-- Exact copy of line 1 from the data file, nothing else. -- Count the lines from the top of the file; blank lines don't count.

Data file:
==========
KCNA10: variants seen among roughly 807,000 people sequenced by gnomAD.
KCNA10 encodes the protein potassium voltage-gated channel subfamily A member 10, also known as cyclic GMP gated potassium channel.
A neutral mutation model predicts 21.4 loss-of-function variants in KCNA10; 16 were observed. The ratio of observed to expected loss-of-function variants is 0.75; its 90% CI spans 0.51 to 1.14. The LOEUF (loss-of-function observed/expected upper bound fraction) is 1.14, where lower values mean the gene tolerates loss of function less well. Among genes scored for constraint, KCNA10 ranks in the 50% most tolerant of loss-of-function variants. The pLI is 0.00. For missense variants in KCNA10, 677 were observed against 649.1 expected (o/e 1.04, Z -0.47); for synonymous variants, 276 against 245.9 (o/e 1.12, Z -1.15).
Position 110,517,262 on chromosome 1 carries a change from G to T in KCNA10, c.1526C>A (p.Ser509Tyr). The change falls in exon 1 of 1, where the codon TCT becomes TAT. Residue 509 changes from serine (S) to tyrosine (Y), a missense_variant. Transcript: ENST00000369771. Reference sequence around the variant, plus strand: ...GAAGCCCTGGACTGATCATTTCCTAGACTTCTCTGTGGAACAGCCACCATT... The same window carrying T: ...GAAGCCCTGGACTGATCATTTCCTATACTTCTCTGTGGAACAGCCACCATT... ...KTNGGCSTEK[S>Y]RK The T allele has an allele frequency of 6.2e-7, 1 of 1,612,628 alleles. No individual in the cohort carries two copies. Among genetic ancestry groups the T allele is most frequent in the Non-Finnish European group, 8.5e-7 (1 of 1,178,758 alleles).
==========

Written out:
KCNA10: variants seen among roughly 807,000 people sequenced by gnomAD.